President Joe Biden told his counterpart in Kyiv that the United States and its allies would “react decisively” if Russia invaded Ukraine as tensions rose over Moscow’s troop deployment.
Sunday’s call between Biden and Ukrainian President Volodymyr Zelensky was the latest diplomatic attempt to defuse rising tensions after Russia accumulated about 100,000 soldiers on the eastern border of Ukraine. Washington, Moscow and NATO member countries prepare to meet for negotiations at the beginning of January, when Russia intends to press for “security guarantees” to limit the expansion of the military alliance in Europe.
Biden “reaffirms” the US commitment to Ukraine’s “sovereignty and territorial integrity”, according to a statement by Jen Psaki, the White House press secretary.
After the exchange, Zelensky wrote on Twitter that the leaders discussed “joint actions” by Ukraine, the United States and their partners “in maintaining peace in Europe, preventing further escalation, reform, de-oligarchy”.
Biden’s message to Zelensky repeats talk on the phone last week with Russian President Vladimir Putin, in which the US president said Washington and its allies were prepared to respond “definitively” if Moscow invaded Ukraine.
A day after the call with Putin, arranged last Thursday at Moscow’s request, Biden said: “I’m not going to negotiate publicly here, but we’ve made it clear that he does. [Putin] impossible – I stress impossible – move over Ukraine”.
Although the Russian leader had previously denied any plans to invade Ukraine, last month he said he was prepared to use “appropriate technical-military measures” and “react harshly to the hostile steps” if Kyiv and Western supporters ignore “Moscow.red line“.
Russian forces in March 2014 forcibly seized Ukraine’s Crimea peninsula after a pro-democracy movement toppled pro-Moscow president Viktor Yanukovich. A month later, an armed uprising broke out in the easternmost regions of Donetsk and Luhansk, with Russian-led forces taking over parts of the region.
More than 13,000 people have been killed in the conflict and about 1.5 million displaced – the biggest migration crisis in Europe since the Balkan wars, according to the International Organization for Migration.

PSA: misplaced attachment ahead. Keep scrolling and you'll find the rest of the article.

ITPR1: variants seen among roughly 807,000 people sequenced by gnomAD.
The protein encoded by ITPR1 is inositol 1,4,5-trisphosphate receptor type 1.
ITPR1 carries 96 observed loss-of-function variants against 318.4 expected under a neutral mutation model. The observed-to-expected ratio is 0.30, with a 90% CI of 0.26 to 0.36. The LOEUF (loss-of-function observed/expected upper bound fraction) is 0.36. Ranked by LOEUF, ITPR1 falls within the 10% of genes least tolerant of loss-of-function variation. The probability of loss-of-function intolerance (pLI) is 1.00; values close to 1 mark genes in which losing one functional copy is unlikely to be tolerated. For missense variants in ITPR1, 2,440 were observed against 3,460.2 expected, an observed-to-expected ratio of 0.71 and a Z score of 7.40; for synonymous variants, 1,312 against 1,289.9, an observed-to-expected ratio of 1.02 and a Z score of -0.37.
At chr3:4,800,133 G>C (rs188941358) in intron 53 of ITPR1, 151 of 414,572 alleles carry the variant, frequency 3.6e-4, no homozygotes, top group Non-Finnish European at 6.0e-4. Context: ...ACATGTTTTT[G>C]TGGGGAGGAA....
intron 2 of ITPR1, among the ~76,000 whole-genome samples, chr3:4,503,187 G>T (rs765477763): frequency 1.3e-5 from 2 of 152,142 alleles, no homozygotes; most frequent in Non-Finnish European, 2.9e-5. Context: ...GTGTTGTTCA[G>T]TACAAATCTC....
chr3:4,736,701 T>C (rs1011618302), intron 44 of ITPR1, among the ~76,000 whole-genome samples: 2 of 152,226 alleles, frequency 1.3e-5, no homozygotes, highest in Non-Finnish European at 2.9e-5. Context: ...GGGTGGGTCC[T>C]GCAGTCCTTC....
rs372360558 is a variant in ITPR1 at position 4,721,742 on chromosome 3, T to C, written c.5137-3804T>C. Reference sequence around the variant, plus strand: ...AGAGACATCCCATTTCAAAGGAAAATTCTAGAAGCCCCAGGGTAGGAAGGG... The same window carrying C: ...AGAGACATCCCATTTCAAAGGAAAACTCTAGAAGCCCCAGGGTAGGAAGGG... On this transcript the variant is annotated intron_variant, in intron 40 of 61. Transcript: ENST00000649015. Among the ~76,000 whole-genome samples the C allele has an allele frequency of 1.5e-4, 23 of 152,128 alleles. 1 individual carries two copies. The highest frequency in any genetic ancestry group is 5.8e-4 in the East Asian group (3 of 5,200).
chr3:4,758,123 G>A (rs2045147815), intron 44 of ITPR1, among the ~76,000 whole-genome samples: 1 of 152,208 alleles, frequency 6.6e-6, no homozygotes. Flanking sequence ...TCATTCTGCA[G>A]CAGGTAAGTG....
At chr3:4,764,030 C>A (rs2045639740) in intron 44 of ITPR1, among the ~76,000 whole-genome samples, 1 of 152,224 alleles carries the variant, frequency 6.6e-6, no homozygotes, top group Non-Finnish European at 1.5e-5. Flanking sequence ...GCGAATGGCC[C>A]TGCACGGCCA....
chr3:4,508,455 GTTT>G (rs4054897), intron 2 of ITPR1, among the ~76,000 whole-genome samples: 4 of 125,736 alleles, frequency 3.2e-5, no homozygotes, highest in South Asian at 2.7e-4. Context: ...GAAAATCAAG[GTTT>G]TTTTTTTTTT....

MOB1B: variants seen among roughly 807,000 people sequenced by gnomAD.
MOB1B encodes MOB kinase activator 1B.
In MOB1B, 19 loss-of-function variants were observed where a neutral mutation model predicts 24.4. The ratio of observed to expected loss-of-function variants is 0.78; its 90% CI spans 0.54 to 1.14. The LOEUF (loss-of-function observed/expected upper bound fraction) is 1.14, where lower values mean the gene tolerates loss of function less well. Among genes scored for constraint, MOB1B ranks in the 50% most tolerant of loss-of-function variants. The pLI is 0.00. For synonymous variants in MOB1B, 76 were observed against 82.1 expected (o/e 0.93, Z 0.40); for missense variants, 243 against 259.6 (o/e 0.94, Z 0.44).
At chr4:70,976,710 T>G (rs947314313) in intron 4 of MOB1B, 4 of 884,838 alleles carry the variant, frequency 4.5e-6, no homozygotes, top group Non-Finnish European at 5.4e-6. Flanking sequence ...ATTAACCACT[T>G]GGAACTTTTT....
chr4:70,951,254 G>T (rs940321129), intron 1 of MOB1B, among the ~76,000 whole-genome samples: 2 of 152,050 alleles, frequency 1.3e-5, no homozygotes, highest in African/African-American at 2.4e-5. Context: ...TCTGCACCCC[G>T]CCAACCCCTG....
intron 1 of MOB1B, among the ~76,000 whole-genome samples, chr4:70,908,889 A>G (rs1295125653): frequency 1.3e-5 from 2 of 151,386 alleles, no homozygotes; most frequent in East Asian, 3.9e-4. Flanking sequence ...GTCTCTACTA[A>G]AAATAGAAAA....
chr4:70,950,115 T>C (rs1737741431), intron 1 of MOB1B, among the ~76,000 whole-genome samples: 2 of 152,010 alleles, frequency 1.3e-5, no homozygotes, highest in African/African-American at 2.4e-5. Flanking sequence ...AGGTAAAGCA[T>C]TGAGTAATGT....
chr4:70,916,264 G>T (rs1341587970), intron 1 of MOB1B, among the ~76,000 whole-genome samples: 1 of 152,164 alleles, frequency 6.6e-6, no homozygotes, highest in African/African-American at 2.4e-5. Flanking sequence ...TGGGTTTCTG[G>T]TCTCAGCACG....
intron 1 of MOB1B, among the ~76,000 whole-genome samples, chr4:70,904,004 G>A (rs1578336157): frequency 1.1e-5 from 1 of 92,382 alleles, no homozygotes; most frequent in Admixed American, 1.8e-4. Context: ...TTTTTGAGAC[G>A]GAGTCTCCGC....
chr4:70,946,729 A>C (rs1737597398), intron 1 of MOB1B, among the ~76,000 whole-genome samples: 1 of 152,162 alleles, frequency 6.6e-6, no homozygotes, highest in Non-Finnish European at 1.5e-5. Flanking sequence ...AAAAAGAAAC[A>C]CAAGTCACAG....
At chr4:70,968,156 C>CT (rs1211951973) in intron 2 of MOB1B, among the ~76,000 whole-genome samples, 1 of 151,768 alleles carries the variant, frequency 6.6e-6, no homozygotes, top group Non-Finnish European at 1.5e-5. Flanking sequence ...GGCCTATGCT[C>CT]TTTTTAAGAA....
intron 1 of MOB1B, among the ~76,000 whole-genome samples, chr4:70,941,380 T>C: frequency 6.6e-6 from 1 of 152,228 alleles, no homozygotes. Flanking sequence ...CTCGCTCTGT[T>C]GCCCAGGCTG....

About 7% of Ukraine’s territory remains under the control of Russia or its proxies as of 2014.
Moscow has denied involvement in the Ukraine conflict, which has dragged on for eight years and escalated in recent months. Commoners have join the training camp to prepare to support the Ukrainian army in the event of war.
A senior US administration official said the tone of the conversation between Biden and Putin was “serious and substantive”, with both leaders acknowledging the possibility of making “meaningful progress” in the deal. some areas but also “cannot reach agreement”.
Russian presidential aide Yury Ushakov said the Kremlin was “satisfied” with the conversation with Biden, calling it “frank, substantive”. [and] specific”, according to Interfax.
The threat of Russian military force has revived the debate in Finland on whether the Nordic country should join NATO, a move that could challenge demands from Russia to limit the growth of the military alliance in Europe.
In their New Year’s speeches, Finnish President Sauli Niinisto and Prime Minister Sanna Marin emphasized that the country retains the option of seeking NATO membership at any time.
The phone calls also came amid controversy surrounding Russia’s role in Europe’s soaring gas prices. Some European officials have accused Russian gas giant Gazprom of withholding additional volumes as it aims to launch the Nord Stream 2 pipeline to Europe, approved by German regulators. Being held.
Gazprom insists it is meeting all contractual obligations to supply gas to Europe and says record prices have killed demand for spot sales.